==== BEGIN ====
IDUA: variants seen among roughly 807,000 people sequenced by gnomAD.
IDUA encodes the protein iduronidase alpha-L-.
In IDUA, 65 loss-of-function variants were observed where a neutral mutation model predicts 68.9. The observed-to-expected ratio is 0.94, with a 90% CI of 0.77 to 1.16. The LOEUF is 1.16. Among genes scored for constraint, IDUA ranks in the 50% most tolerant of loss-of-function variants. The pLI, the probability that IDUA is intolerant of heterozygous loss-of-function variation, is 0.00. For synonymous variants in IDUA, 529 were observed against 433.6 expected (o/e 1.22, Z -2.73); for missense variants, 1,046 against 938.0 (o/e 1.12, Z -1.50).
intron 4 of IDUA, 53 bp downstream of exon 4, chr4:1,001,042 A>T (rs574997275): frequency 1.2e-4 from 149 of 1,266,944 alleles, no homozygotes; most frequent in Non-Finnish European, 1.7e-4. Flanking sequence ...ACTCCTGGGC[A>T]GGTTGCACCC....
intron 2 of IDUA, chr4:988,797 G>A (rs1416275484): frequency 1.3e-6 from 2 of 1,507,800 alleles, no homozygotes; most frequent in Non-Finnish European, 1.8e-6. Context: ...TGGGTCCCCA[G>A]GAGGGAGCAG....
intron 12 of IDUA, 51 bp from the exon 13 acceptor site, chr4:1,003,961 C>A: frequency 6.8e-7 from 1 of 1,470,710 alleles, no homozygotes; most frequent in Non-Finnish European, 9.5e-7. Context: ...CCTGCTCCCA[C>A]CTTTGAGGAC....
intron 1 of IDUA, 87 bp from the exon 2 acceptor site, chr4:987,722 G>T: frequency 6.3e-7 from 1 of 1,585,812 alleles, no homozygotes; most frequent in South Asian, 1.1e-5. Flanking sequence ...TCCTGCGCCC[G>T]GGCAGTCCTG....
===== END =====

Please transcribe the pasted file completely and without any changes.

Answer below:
IDUA: variants seen among roughly 807,000 people sequenced by gnomAD.
IDUA encodes the protein iduronidase alpha-L-.
In IDUA, 65 loss-of-function variants were observed where a neutral mutation model predicts 68.9. The observed-to-expected ratio is 0.94, with a 90% CI of 0.77 to 1.16. The LOEUF is 1.16. Among genes scored for constraint, IDUA ranks in the 50% most tolerant of loss-of-function variants. The pLI, the probability that IDUA is intolerant of heterozygous loss-of-function variation, is 0.00. For synonymous variants in IDUA, 529 were observed against 433.6 expected (o/e 1.22, Z -2.73); for missense variants, 1,046 against 938.0 (o/e 1.12, Z -1.50).
intron 4 of IDUA, 53 bp downstream of exon 4, chr4:1,001,042 A>T (rs574997275): frequency 1.2e-4 from 149 of 1,266,944 alleles, no homozygotes; most frequent in Non-Finnish European, 1.7e-4. Flanking sequence ...ACTCCTGGGC[A>T]GGTTGCACCC....
intron 2 of IDUA, chr4:988,797 G>A (rs1416275484): frequency 1.3e-6 from 2 of 1,507,800 alleles, no homozygotes; most frequent in Non-Finnish European, 1.8e-6. Context: ...TGGGTCCCCA[G>A]GAGGGAGCAG....
intron 12 of IDUA, 51 bp from the exon 13 acceptor site, chr4:1,003,961 C>A: frequency 6.8e-7 from 1 of 1,470,710 alleles, no homozygotes; most frequent in Non-Finnish European, 9.5e-7. Context: ...CCTGCTCCCA[C>A]CTTTGAGGAC....
intron 1 of IDUA, 87 bp from the exon 2 acceptor site, chr4:987,722 G>T: frequency 6.3e-7 from 1 of 1,585,812 alleles, no homozygotes; most frequent in South Asian, 1.1e-5. Flanking sequence ...TCCTGCGCCC[G>T]GGCAGTCCTG....